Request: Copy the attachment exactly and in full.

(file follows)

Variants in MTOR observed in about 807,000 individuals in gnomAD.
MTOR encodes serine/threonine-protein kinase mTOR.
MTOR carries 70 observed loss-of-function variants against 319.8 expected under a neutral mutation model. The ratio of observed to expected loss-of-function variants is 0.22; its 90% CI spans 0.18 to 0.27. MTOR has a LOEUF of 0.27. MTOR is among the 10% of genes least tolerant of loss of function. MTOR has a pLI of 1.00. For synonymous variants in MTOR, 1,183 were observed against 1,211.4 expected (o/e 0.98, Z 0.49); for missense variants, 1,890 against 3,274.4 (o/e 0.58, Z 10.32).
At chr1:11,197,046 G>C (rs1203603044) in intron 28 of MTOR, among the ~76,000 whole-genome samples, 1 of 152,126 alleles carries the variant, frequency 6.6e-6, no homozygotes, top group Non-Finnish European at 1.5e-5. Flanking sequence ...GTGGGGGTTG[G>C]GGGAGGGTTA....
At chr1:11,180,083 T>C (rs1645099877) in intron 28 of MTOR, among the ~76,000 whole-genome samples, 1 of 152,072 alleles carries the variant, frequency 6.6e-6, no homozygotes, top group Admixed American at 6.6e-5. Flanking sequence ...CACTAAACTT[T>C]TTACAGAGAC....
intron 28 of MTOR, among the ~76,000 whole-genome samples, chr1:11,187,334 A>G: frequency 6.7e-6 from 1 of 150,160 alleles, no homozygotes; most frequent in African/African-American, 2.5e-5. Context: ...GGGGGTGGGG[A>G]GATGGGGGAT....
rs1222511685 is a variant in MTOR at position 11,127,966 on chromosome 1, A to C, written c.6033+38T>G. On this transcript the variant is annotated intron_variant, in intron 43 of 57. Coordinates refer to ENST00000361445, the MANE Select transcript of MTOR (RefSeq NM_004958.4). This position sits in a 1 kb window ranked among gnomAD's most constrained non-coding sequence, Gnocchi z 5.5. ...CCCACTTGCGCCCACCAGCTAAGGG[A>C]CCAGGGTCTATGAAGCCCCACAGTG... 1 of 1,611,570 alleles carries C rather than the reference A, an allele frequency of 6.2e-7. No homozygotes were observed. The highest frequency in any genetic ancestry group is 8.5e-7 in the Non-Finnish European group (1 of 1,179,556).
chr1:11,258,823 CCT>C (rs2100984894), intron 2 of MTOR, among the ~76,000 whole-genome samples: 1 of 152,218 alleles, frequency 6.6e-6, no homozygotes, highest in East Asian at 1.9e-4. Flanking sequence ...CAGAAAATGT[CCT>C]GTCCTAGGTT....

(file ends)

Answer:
Variants in MTOR observed in about 807,000 individuals in gnomAD.
MTOR encodes serine/threonine-protein kinase mTOR.
MTOR carries 70 observed loss-of-function variants against 319.8 expected under a neutral mutation model. The ratio of observed to expected loss-of-function variants is 0.22; its 90% CI spans 0.18 to 0.27. MTOR has a LOEUF of 0.27. MTOR is among the 10% of genes least tolerant of loss of function. MTOR has a pLI of 1.00. For synonymous variants in MTOR, 1,183 were observed against 1,211.4 expected (o/e 0.98, Z 0.49); for missense variants, 1,890 against 3,274.4 (o/e 0.58, Z 10.32).
At chr1:11,197,046 G>C (rs1203603044) in intron 28 of MTOR, among the ~76,000 whole-genome samples, 1 of 152,126 alleles carries the variant, frequency 6.6e-6, no homozygotes, top group Non-Finnish European at 1.5e-5. Flanking sequence ...GTGGGGGTTG[G>C]GGGAGGGTTA....
At chr1:11,180,083 T>C (rs1645099877) in intron 28 of MTOR, among the ~76,000 whole-genome samples, 1 of 152,072 alleles carries the variant, frequency 6.6e-6, no homozygotes, top group Admixed American at 6.6e-5. Flanking sequence ...CACTAAACTT[T>C]TTACAGAGAC....
intron 28 of MTOR, among the ~76,000 whole-genome samples, chr1:11,187,334 A>G: frequency 6.7e-6 from 1 of 150,160 alleles, no homozygotes; most frequent in African/African-American, 2.5e-5. Context: ...GGGGGTGGGG[A>G]GATGGGGGAT....
rs1222511685 is a variant in MTOR at position 11,127,966 on chromosome 1, A to C, written c.6033+38T>G. On this transcript the variant is annotated intron_variant, in intron 43 of 57. Coordinates refer to ENST00000361445, the MANE Select transcript of MTOR (RefSeq NM_004958.4). This position sits in a 1 kb window ranked among gnomAD's most constrained non-coding sequence, Gnocchi z 5.5. ...CCCACTTGCGCCCACCAGCTAAGGG[A>C]CCAGGGTCTATGAAGCCCCACAGTG... 1 of 1,611,570 alleles carries C rather than the reference A, an allele frequency of 6.2e-7. No homozygotes were observed. The highest frequency in any genetic ancestry group is 8.5e-7 in the Non-Finnish European group (1 of 1,179,556).
chr1:11,258,823 CCT>C (rs2100984894), intron 2 of MTOR, among the ~76,000 whole-genome samples: 1 of 152,218 alleles, frequency 6.6e-6, no homozygotes, highest in East Asian at 1.9e-4. Flanking sequence ...CAGAAAATGT[CCT>C]GTCCTAGGTT....